Riot vs. Protest: Defining the Differences

, Staff Writer
Updated January 25, 2021
riot vs protest difference example
    riot vs protest difference example
    riot: Gregor Hohenberg / Getty Images, protest: Mary White
    riot: used under Getty Images license, protest: used by permission of Mary White

Are you wondering how to tell the difference between protest and riot? While both involve public gatherings and speaking out, there is a big difference between a riot and a protest. Learn what you need to know to identify riot vs. protest based on the facts of what takes place at each.

Protest Definition

A protest is a forum for publicly complaining about a cause or action with which one disagrees. Protests are peaceful assemblies that involve people coming together to speak out to redress grievances they may have with applicable government officials or bodies. A protest can involve just one person, a few people or an enormous number of people.

In the United States (U.S.), the right to protest is protected under the First Amendment of the United States Constitution. The First Amendment states:

"Congress shall make no law respecting an establishment of religion, or prohibiting the free exercise thereof; or abridging the freedom of speech, or of the press; or the right of the people peaceably to assemble, and to petition the Government for a redress of grievances."

Protests often involve topics like civil rights issues, economic policies, social justice issues, or laws that are or are perceived to be unjust. For example, the 2017 Women's March that took place in Washington, D.C. and cities throughout the country and the world, is an example of a protest. There are many modern examples of civil disobedience.


Riot Definition

There is a big difference between a protest and a riot. Like a protest, a riot involves an assembly of people who share a common purpose, but that is where the similarities stop. Riots have a few defining characteristics.

  • Riots are not peaceful. They involve violence or the threat of violence.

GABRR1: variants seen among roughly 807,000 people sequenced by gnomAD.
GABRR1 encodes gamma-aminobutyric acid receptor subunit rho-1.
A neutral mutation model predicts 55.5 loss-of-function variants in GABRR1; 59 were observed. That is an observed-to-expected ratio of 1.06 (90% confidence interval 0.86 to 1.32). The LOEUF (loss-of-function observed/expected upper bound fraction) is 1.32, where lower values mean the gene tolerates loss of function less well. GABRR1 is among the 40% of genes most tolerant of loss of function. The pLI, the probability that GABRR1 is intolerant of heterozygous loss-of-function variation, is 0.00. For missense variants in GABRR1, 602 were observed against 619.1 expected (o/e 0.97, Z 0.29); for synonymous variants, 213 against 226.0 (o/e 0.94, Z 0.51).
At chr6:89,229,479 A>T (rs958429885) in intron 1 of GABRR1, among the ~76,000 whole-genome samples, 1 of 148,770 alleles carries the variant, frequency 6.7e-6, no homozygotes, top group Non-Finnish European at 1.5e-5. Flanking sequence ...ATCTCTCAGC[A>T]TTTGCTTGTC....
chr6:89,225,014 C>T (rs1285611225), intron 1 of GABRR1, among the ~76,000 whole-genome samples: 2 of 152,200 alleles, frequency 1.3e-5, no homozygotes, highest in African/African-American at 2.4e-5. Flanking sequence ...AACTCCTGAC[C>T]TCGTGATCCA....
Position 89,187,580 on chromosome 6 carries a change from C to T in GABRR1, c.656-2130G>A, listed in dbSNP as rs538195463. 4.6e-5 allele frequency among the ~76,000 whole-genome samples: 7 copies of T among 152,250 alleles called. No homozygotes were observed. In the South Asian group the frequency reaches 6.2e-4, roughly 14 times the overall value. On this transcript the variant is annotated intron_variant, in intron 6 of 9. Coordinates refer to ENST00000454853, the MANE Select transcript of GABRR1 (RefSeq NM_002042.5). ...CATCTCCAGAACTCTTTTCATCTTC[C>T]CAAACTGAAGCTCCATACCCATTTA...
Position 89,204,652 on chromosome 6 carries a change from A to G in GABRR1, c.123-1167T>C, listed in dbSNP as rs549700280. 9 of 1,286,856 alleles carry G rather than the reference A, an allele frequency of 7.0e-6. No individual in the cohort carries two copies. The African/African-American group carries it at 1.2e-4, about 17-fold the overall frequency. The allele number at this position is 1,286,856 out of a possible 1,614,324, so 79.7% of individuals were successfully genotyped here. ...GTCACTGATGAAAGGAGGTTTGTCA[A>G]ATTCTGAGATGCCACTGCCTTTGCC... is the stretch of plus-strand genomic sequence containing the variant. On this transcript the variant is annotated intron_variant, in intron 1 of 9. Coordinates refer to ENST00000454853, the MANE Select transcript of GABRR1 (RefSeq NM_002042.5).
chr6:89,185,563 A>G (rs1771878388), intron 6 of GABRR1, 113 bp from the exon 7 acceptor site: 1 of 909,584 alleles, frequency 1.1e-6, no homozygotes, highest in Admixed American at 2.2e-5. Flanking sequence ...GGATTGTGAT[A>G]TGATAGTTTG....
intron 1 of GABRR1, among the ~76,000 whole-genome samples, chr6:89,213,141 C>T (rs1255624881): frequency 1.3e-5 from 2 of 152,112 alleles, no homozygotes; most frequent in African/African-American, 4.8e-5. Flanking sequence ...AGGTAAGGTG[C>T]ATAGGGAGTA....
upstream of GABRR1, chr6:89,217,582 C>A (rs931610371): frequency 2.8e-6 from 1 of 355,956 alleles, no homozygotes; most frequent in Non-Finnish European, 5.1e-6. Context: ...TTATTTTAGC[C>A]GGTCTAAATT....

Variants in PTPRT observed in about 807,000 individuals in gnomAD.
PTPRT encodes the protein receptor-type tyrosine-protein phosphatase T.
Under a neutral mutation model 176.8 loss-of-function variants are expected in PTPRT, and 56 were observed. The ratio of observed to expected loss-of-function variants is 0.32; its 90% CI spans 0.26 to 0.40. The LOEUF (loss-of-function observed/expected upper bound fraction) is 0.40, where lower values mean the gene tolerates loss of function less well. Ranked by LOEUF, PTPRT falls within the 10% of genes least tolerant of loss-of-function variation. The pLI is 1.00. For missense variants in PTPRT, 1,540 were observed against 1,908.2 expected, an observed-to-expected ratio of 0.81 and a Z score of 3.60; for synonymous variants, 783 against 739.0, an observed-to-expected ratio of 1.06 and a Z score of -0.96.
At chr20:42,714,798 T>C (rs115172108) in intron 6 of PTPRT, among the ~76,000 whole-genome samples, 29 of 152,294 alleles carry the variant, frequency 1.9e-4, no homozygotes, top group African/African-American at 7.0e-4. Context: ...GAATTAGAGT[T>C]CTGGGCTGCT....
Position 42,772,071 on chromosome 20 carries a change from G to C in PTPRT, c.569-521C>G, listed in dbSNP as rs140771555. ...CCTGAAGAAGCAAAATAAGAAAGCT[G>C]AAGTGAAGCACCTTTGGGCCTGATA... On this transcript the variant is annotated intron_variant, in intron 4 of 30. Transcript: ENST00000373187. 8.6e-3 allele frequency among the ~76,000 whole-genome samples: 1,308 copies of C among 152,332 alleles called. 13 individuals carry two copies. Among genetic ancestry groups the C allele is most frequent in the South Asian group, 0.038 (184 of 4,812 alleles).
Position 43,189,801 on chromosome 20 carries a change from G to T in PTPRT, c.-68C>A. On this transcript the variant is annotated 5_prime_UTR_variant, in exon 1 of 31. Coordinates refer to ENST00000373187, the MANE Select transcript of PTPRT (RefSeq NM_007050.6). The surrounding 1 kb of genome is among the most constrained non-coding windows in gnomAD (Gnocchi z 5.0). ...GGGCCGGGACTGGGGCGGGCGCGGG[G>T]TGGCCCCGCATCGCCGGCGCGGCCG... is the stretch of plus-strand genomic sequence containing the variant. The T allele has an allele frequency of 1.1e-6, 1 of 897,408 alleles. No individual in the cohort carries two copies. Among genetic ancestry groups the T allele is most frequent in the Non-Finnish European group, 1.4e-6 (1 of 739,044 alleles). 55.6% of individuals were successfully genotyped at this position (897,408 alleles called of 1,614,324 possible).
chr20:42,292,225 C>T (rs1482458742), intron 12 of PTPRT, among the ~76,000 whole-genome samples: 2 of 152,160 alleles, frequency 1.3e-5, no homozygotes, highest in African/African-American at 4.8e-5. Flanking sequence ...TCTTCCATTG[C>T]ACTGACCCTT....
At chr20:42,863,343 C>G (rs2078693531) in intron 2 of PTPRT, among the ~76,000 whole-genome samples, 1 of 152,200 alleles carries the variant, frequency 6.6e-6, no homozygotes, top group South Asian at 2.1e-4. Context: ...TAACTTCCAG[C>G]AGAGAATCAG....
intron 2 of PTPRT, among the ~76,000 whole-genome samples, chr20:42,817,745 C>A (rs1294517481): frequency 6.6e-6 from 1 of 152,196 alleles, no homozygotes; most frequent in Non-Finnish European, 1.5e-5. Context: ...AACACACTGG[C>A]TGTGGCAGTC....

• They may also include other actions that cause disorder and/or terror.
  • They involve the commission of crimes.
  • Riots are not protected under the First Amendment.
  • To be classified as a riot, multiple people must be involved.
  • Some state laws specify how many people constitute a riot. For example, in Texas a riot must have at least seven participants, while only five are required in the District of Columbia.

Many riots involve political demonstrations. Riots also sometimes take place within prisons or occur as the result of labor disputes that escalate to the point of violence. For example, The Rodney King Riots that took place in Los Angeles in 1992, after police officers charged with assaulting him were acquitted, involved six days of violence, arson and looting. They resulted in 63 deaths, over 23,000+ injuries and 12,000+ arrests.


Key Differences Between a Protest and a Riot

The subject matter has nothing to do with whether an assembly is a protest or a riot. The issue is what actions take place during the event. If the event starts out or becomes violent, it is not a protest. It is a riot at that point, which means it involves criminal activities.

  • A group of people can gather to protest a court decision or political policies in a peaceful way. A group of people assembled to speak out against the same decision or policies can engage in a riot.
  • A gathering can start out as a protest and stay that way. Or, a gathering intended to be a protest can escalate to become a riot. Or, an event can be a riot from the very beginning.

The legal environment is very different for protests and riots.


Protests: First Amendment and State Laws

The First Amendment applies to protests that take place anywhere in the United States. Some states or other jurisdictions legislate certain activities related to protesting. For example, in 2020 Tennessee passed a law making it illegal to write on public property with chalk or to engage in an overnight sit-in. As of early 2021, the constitutionality of this law has not been challenged.

The International Center for Nonprofit Law (ICNL) publishes a U.S. Protest Law Tracker to help protestors keep up with state or local laws.

Riots: Federal and Local Jurisdictions

Rioting isn't legal anywhere. Each state establishes its own laws that define exactly what a riot entails, what actions law enforcement can take and what the consequences are for rioters. Some cities, counties or other jurisdictions may have their own laws as well.

Federal law addresses rioting in the context of interstate or foreign commerce related to rioting, inciting riots or aiding those who seek to riot or incite riots. Federal law related to riots applies to people who cross state lines or go to other countries to plan or participate in riots. It also applies to those who engage in interstate commerce (such as using mail, telephones, media, and electronic communication) related to rioting.


Focus on What Works

While protesting can be a great way to make sure your voice is heard about issues that matter to you, rioting is criminal activity that should generally be avoided. When your goal is to inspire change, it's important to stay on the right side of the law. For inspiration, review some of the many well-known examples of civil disobedience in history. You might also be interested in learning the differences between sedition, treason and insurrection.